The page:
The campground at La Manche was pretty good, some sites even big rig friendly.  BUT...when I asked about how to access the old La Manche village and the East Coast hiking trail I was told to walk through the campground and up the fire exit road. I asked if there was parking and the attendant just said no so off I went.  After walking 25 minutes, most of it up a steep hill, in the blazing mid-80's heat carrying 25 pounds of gear on my back I was beyond irritated to discover a parking lot at the trailhead.

East Coast Trail marker bolted to rock - take trail to the left

TO ACCESS TRAILHEAD - drive 1 km past park entrance on Highway 10 and turn onto La Manche Village road.  It was getting late in the day and that is another hour I could have had on the actual trail, but we'll put that aside now and I will know better next time and so will you!


After another 25-30 minutes of hiking, mostly in the shade, I came to a lovely swimming pond just before the La Manche suspension bridge.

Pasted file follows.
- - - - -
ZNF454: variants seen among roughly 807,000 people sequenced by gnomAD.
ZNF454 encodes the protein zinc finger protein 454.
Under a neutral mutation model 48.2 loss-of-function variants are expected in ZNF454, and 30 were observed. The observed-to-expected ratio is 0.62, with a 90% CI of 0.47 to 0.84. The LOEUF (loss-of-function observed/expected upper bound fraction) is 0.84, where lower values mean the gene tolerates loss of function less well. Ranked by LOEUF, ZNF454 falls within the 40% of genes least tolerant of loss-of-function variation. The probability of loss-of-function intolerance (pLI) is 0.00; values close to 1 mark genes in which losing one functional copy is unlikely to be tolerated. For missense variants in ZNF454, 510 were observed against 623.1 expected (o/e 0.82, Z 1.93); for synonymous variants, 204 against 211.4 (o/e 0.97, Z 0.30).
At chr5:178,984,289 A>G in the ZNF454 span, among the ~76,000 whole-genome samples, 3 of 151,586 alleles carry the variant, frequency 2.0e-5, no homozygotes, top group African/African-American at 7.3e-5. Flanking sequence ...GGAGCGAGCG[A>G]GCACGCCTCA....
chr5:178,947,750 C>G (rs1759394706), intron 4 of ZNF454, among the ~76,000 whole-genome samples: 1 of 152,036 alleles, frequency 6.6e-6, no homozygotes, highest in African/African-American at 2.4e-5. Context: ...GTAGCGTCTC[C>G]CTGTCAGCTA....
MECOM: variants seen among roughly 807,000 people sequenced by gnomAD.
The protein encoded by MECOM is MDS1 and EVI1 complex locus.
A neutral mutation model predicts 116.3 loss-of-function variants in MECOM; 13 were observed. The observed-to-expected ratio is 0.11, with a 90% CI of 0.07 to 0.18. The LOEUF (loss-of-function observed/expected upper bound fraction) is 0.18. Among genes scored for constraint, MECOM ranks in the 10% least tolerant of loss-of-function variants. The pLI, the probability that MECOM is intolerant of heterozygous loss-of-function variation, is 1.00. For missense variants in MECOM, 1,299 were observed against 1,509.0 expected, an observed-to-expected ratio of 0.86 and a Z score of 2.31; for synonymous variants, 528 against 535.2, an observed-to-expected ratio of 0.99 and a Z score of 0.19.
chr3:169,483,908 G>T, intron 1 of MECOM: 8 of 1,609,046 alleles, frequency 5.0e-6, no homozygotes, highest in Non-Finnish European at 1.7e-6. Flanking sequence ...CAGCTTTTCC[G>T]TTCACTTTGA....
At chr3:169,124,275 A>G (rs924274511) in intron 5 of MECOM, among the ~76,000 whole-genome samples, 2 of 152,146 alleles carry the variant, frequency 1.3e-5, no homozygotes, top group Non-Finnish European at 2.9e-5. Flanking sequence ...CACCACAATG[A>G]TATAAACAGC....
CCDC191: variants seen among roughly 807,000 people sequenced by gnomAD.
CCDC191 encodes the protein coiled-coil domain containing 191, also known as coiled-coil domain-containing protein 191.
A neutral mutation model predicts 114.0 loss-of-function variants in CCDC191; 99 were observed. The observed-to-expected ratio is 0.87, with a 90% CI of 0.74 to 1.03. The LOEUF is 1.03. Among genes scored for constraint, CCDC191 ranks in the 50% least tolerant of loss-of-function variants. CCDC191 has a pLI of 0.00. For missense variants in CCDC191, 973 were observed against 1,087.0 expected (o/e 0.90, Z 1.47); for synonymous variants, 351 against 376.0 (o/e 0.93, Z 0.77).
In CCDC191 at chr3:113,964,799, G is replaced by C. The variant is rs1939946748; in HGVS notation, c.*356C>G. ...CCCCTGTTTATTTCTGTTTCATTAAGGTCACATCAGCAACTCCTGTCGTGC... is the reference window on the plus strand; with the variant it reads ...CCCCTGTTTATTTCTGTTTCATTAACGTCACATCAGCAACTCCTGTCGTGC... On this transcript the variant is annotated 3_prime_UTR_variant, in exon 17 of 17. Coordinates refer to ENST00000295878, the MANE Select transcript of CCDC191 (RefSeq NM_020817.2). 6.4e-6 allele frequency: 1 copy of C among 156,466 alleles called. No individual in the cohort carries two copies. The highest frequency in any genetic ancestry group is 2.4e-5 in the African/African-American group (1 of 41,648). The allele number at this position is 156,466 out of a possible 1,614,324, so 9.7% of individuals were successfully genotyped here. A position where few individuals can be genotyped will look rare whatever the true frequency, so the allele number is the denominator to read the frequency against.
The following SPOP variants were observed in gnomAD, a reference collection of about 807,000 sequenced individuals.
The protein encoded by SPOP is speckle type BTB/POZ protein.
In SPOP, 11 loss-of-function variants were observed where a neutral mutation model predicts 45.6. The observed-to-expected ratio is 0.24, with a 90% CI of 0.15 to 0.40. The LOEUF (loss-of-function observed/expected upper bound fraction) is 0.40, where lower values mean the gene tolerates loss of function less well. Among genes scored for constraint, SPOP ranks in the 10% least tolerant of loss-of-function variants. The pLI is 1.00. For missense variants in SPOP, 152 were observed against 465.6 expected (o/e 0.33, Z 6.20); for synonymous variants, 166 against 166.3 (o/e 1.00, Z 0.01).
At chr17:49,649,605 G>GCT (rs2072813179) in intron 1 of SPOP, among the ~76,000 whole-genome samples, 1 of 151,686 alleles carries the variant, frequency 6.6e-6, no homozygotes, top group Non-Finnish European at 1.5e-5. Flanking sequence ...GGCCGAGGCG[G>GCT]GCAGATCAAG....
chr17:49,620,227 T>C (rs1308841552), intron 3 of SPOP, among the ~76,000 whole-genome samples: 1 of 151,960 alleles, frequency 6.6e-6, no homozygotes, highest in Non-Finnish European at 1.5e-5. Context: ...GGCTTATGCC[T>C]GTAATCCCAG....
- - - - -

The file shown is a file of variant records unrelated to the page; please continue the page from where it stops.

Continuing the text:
Some young gents were playing Willie Nelson and a few others were swimming, but since I wasn't prepared for this I had to satisfy myself with clambering down the hill and cooling my feet off while listening to the cascade of water over the rocks at the end of the pool.


After getting back up the small hill I set off past old foundations in the abandoned village of La Manche to see the suspension bridge.  


La Manche was settled in 1840 but was always a very small community ranging from 7 to 55 inhabitants over a 100-year span due to its rugged terrain which prevented having many flakes for fish drying.  


In the mid-1960's the community was under pressure to resettle into larger, nearby towns. The road leading to La Manche was difficult and expensive to maintain, particularly in the winter.

New suspension bridge built in 1999 by the East Coast Trail Association

On January 25, 1966 a severe winter storm hit the east coast of the Avalon Peninsula. An enormous tide washed away all the flakes, boats, anchors and stores of La Manche as well as the suspension bridge which connected both sides of the harbour. Most of the houses were demolished, miraculously there were no deaths attributed to the storm. The entire economy of the village was destroyed so the residents of La Manche agreed to be resettled by the provincial government.